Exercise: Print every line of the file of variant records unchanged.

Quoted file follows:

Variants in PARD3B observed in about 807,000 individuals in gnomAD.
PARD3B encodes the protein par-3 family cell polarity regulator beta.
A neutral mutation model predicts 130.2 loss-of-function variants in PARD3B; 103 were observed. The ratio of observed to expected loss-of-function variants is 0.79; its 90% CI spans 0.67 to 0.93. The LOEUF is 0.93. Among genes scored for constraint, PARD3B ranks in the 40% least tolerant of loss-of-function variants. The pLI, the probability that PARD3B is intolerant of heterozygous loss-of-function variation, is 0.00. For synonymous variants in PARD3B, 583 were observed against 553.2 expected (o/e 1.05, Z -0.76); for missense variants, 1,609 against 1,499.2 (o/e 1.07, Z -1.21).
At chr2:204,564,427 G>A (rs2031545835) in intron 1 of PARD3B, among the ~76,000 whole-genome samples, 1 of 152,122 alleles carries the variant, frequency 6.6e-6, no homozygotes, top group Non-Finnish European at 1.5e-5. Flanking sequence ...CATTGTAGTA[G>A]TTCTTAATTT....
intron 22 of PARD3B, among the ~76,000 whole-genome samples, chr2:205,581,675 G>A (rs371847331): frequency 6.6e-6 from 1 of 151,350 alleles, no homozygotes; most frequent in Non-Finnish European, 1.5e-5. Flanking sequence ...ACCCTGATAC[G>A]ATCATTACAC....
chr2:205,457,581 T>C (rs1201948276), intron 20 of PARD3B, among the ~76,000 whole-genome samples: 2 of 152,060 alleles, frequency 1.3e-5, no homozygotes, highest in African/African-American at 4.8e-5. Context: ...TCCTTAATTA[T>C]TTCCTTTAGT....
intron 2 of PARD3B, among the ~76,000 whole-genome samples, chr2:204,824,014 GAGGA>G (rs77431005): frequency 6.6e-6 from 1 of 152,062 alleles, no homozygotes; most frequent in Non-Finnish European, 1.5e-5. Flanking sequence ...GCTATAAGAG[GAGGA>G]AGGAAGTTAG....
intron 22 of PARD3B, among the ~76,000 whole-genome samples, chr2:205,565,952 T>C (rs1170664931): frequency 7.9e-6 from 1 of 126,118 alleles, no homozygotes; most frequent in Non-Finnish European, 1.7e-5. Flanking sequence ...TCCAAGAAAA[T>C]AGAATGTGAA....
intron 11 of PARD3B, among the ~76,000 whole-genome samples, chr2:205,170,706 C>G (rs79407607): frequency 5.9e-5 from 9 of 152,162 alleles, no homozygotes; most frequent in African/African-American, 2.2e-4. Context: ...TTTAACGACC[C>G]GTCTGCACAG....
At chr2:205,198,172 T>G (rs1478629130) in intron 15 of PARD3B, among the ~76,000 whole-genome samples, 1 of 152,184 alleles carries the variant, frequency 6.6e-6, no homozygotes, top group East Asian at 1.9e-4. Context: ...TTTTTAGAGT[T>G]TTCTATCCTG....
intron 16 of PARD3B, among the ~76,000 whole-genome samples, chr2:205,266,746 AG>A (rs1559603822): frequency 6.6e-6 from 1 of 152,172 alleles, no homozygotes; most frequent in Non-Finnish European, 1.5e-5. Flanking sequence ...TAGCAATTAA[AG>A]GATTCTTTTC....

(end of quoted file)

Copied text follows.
Variants in PARD3B observed in about 807,000 individuals in gnomAD.
PARD3B encodes the protein par-3 family cell polarity regulator beta.
A neutral mutation model predicts 130.2 loss-of-function variants in PARD3B; 103 were observed. The ratio of observed to expected loss-of-function variants is 0.79; its 90% CI spans 0.67 to 0.93. The LOEUF is 0.93. Among genes scored for constraint, PARD3B ranks in the 40% least tolerant of loss-of-function variants. The pLI, the probability that PARD3B is intolerant of heterozygous loss-of-function variation, is 0.00. For synonymous variants in PARD3B, 583 were observed against 553.2 expected (o/e 1.05, Z -0.76); for missense variants, 1,609 against 1,499.2 (o/e 1.07, Z -1.21).
At chr2:204,564,427 G>A (rs2031545835) in intron 1 of PARD3B, among the ~76,000 whole-genome samples, 1 of 152,122 alleles carries the variant, frequency 6.6e-6, no homozygotes, top group Non-Finnish European at 1.5e-5. Flanking sequence ...CATTGTAGTA[G>A]TTCTTAATTT....
intron 22 of PARD3B, among the ~76,000 whole-genome samples, chr2:205,581,675 G>A (rs371847331): frequency 6.6e-6 from 1 of 151,350 alleles, no homozygotes; most frequent in Non-Finnish European, 1.5e-5. Flanking sequence ...ACCCTGATAC[G>A]ATCATTACAC....
chr2:205,457,581 T>C (rs1201948276), intron 20 of PARD3B, among the ~76,000 whole-genome samples: 2 of 152,060 alleles, frequency 1.3e-5, no homozygotes, highest in African/African-American at 4.8e-5. Context: ...TCCTTAATTA[T>C]TTCCTTTAGT....
intron 2 of PARD3B, among the ~76,000 whole-genome samples, chr2:204,824,014 GAGGA>G (rs77431005): frequency 6.6e-6 from 1 of 152,062 alleles, no homozygotes; most frequent in Non-Finnish European, 1.5e-5. Flanking sequence ...GCTATAAGAG[GAGGA>G]AGGAAGTTAG....
intron 22 of PARD3B, among the ~76,000 whole-genome samples, chr2:205,565,952 T>C (rs1170664931): frequency 7.9e-6 from 1 of 126,118 alleles, no homozygotes; most frequent in Non-Finnish European, 1.7e-5. Flanking sequence ...TCCAAGAAAA[T>C]AGAATGTGAA....
intron 11 of PARD3B, among the ~76,000 whole-genome samples, chr2:205,170,706 C>G (rs79407607): frequency 5.9e-5 from 9 of 152,162 alleles, no homozygotes; most frequent in African/African-American, 2.2e-4. Context: ...TTTAACGACC[C>G]GTCTGCACAG....
At chr2:205,198,172 T>G (rs1478629130) in intron 15 of PARD3B, among the ~76,000 whole-genome samples, 1 of 152,184 alleles carries the variant, frequency 6.6e-6, no homozygotes, top group East Asian at 1.9e-4. Context: ...TTTTTAGAGT[T>G]TTCTATCCTG....
intron 16 of PARD3B, among the ~76,000 whole-genome samples, chr2:205,266,746 AG>A (rs1559603822): frequency 6.6e-6 from 1 of 152,172 alleles, no homozygotes; most frequent in Non-Finnish European, 1.5e-5. Flanking sequence ...TAGCAATTAA[AG>A]GATTCTTTTC....